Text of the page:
Build-A-Bear Workshop has taken a love for stuffed animals to a new level — children of all ages can visit a Build-A-Bear Workshop and create a custom stuffed animal to cherish forever. The company’s love of animals goes beyond the stuffed kind, however. Employees at the World Bearquarters (a.k.a. the world headquarters) can bring their dogs to work. The company even has a chief executive dog, Milford, who celebrates his birthday every year by throwing a grand party for the other company dogs. Build-A-Bear Workshop’s dog-friendly workplace policy is just one reason the company has been named one of Fortune’s 100 Best Companies to Work For three years in a row.
Klutz’s product line includes fun crafts, drawing books, games, puzzles, chicken socks and more. The company, which was founded in 1977 in Palo Alto, Calif., had a rather casual approach to allowing dogs in the workplace. Klutz co-founder John Cassidy shared his story with Carrie Boyko of the All Things Dog Blog, who wrote: “When an employee with a well-behaved dog expressed interest in having his furry friend tag along to work, John felt there was no particular reason not to okay it.” And with that, Klutz joined the growing list of dog-friendly employers.
Believe it or not, the Humane Society headquarters facility in Gaithersburg, Md., didn’t become a dog-friendly workplace until 2007. While one would have expected the Humane Society to be a leader in the dogs-at-work movement, the organization took its time to ensure that everything was done right. To bring their dog to work, employees must submit an application. Once the application is approved, vaccinated dogs are placed on a six-week probation. If everything goes well, the dog can become a permanent member of the workplace. The organization’s careful planning has paid off; since its inception four years ago, no dogs have been removed from the program.
Internet retail giant Amazon is also a dog-friendly workplace. Visitors to the company’s corporate headquarters in Seattle can expect to find between two and three dozen dogs on any given day. Any employee interested in bringing a pet to work must first register the animal as a workplace dog, ensure that the dog is up-to-date on vaccinations and once in the workplace, the dog must remain on a leash unless it is behind a baby gate or in an office with a closed door.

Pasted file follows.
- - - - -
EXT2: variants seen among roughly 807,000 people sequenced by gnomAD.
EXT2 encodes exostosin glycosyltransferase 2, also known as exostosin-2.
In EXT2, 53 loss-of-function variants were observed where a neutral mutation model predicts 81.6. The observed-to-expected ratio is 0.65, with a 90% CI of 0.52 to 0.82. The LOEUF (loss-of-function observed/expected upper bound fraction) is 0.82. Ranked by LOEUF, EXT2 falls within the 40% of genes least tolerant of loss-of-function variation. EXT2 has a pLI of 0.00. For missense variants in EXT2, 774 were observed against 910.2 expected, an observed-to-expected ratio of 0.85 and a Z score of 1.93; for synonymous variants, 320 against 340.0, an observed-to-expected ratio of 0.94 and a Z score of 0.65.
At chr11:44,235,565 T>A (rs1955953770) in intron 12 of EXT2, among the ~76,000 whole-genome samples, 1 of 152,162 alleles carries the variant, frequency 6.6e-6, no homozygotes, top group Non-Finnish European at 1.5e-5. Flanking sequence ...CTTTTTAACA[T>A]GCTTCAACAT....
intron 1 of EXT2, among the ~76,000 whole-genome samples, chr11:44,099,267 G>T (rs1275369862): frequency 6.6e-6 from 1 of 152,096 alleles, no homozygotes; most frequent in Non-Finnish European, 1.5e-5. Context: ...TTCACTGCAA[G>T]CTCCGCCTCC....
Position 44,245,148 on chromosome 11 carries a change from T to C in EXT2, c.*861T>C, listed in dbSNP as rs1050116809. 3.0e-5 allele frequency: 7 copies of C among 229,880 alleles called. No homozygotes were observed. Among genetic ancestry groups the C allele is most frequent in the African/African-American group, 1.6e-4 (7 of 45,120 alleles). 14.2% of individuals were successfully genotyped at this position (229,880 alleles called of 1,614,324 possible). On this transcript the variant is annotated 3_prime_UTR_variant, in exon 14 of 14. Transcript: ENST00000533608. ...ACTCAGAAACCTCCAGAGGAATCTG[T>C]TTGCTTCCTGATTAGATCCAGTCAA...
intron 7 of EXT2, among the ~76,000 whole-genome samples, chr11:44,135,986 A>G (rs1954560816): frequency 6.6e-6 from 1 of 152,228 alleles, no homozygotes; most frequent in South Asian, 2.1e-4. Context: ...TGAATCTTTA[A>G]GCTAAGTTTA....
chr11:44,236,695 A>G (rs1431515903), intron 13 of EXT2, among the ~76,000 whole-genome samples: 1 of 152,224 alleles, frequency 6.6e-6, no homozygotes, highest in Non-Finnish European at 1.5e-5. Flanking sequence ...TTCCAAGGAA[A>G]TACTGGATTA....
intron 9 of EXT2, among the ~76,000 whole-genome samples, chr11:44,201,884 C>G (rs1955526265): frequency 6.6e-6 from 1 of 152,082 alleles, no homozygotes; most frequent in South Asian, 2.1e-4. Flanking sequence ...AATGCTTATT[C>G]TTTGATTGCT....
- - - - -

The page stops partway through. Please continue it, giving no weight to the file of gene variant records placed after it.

Clif Bar & Company
Clif Bar operates its business based on five aspirations: sustaining our planet, sustaining our community, sustaining our people, sustaining our business and sustaining our brands. Part of the sustaining our people aspiration is allowing employees to bring their dogs to work. Clif Bar’s furry friends are featured in the company’s blog from time to time — including a story about Scrubby, who made off with someone’s bagel during a company meeting. Clif Bar’s dog-friendly workplace policy helped the company earn a spot on Outside magazine’s Best Places to Work of 2010 list.
Four Dog Enterprises
Four Dog Enterprises provides PR and ‘Girl Friday’ services and the owner is also a blogger (including Just One More Pet), freelancer, ghost writer and author who named her company for her four pups. Much of the employees’ work can be and is done from home, but they are in the office about 50% of the time and bringing their dogs into the office helps the creative juices flow for many of them. For major meetings and project days the pups are often entertained by a doggie daycare pal who comes to the office to spend the day with them. The only real requirement is that the dogs have their basic shots and get along. One of the pups’ favorite activities is greeting the mailman.